Who Uses Spark, and for What ?

Because Spark is a general-purpose framework for cluster computing, it is used for a diverse range of applications. In the Preface we outlined two groups of readers that this book targets: data scientists and engineers. Let’s take a closer look at each group and how it uses Spark. Unsurprisingly, the typical use cases differ between the two, but we can roughly classify them into two categories, data science and data applications.

Of course, these are imprecise disciplines and usage patterns, and many folks have skills from both, sometimes playing the role of the investigating data scientist, and then “changing hats” and writing a hardened data processing application. Nonetheless, it can be illuminating to consider the two groups and their respective use cases separately.

Data Science Tasks

Data science, a discipline that has been emerging over the past few years, centers on analyzing data. While there is no standard definition, for our purposes a data scientist is somebody whose main task is to analyze and model data. Data scientists may have experience with SQL, statistics, predictive modeling (machine learning), and programming, usually in Python, Matlab, or R. Data scientists also have experience with techniques necessary to transform data into formats that can be analyzed for insights (sometimes referred to as data wrangling).

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Data scientists use their skills to analyze data with the goal of answering a question or discovering insights. Oftentimes, their workflow involves ad hoc analysis, so they use interactive shells (versus building complex applications) that let them see results of queries and snippets of code in the least amount of time. Spark’s speed and simple APIs shine for this purpose, and its built-in libraries mean that many algorithms are available out of the box.

Spark supports the different tasks of data science with a number of components. The Spark shell makes it easy to do interactive data analysis using Python or Scala. Spark SQL also has a separate SQL shell that can be used to do data exploration using SQL, or Spark SQL can be used as part of a regular Spark program or in the Spark shell. Machine learning and data analysis is supported through the MLLib libraries. In addition, there is support for calling out to external programs in Matlab or R. Spark enables data scientists to tackle problems with larger data sizes than they could before with tools like R or Pandas.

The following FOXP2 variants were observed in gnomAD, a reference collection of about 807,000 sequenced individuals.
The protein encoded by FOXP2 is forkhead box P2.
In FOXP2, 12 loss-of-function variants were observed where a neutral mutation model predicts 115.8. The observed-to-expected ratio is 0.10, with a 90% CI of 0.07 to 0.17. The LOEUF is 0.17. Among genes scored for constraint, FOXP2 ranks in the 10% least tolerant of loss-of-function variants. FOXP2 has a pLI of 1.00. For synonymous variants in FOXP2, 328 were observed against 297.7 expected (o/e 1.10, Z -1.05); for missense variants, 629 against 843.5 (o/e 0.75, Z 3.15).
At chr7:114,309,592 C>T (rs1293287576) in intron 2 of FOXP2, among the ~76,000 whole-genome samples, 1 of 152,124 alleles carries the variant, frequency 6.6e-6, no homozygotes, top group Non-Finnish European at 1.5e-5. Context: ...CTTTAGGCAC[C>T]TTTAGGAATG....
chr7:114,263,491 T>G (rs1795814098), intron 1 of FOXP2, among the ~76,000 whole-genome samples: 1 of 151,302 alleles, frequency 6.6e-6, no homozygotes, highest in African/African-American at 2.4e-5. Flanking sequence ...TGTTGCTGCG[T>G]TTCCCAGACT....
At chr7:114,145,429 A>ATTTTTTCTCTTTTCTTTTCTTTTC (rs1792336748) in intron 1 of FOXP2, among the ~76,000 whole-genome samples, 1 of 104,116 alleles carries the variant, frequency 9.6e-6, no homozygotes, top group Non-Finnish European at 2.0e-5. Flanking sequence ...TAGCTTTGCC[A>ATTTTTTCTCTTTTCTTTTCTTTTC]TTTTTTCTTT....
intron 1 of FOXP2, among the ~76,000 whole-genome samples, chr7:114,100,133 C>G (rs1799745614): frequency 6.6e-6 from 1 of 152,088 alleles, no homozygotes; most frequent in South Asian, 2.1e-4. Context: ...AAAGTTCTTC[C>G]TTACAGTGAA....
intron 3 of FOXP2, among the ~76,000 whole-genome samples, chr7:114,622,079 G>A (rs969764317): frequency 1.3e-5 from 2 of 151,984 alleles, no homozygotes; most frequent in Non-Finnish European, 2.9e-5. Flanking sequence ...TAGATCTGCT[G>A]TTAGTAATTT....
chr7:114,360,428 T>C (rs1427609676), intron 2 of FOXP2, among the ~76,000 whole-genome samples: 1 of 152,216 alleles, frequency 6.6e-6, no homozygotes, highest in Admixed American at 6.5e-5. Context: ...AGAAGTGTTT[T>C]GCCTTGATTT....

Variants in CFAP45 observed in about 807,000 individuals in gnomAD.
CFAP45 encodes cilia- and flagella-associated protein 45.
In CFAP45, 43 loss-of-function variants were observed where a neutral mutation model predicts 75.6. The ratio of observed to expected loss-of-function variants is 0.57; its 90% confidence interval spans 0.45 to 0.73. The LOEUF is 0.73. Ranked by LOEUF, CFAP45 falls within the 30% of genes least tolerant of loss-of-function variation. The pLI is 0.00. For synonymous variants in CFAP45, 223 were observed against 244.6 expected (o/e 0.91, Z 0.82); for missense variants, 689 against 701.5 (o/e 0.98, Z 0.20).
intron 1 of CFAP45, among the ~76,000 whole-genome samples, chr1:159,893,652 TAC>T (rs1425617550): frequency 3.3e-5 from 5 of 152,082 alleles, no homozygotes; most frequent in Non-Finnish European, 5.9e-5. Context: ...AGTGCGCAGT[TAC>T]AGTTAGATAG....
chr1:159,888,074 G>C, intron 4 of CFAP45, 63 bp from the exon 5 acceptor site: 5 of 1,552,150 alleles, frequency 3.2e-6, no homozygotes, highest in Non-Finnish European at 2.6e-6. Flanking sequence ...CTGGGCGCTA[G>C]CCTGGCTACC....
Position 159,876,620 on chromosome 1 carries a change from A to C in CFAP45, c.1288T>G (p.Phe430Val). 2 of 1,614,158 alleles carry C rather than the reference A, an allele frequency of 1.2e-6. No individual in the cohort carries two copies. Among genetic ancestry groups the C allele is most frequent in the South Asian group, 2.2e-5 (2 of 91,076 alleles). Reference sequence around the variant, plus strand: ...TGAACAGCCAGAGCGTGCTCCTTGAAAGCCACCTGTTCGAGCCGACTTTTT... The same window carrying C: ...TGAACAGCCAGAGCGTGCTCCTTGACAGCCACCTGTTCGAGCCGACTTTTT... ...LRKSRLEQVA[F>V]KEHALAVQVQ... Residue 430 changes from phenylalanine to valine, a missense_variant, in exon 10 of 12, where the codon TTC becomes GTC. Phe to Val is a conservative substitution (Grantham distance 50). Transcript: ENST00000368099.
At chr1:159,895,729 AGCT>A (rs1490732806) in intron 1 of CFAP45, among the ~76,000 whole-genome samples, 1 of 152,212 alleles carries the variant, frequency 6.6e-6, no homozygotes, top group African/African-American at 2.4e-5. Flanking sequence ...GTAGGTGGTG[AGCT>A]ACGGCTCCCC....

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Sometimes, after the initial exploration phase, the work of a data scientist will be “productized,” or extended, hardened (i.e., made fault-tolerant), and tuned to become a production data processing application, which itself is a component of a business application. For example, the initial investigation of a data scientist might lead to the creation of a production recommender system that is integrated into a web application and used to generate product suggestions to users. Often it is a different person or team that leads the process of productizing the work of the data scientists, and that person is often an engineer.

Data Processing Applications

The other main use case of Spark can be described in the context of the engineer persona. For our purposes here, we think of engineers as a large class of software developers who use Spark to build production data processing applications. These developers usually have an understanding of the principles of software engineering, such as encapsulation, interface design, and object-oriented programming. They frequently have a degree in computer science. They use their engineering skills to design and build software systems that implement a business use case.

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For engineers, Spark provides a simple way to parallelize these applications across clusters, and hides the complexity of distributed systems programming, network communication, and fault tolerance. The system gives them enough control to monitor, inspect, and tune applications while allowing them to implement common tasks quickly. The modular nature of the API (based on passing distributed collections of objects) makes it easy to factor work into reusable libraries and test it locally.

Spark’s users choose to use it for their data processing applications because it provides a wide variety of functionality, is easy to learn and use, and is mature and reliable.

About the author

Deven Rathore

I'm Deven Rathore, a multidisciplinary & self-taught designer with 3 years of experience. I'm passionate about technology, music, coffee, traveling and everything visually stimulating. Constantly learning and experiencing new things.

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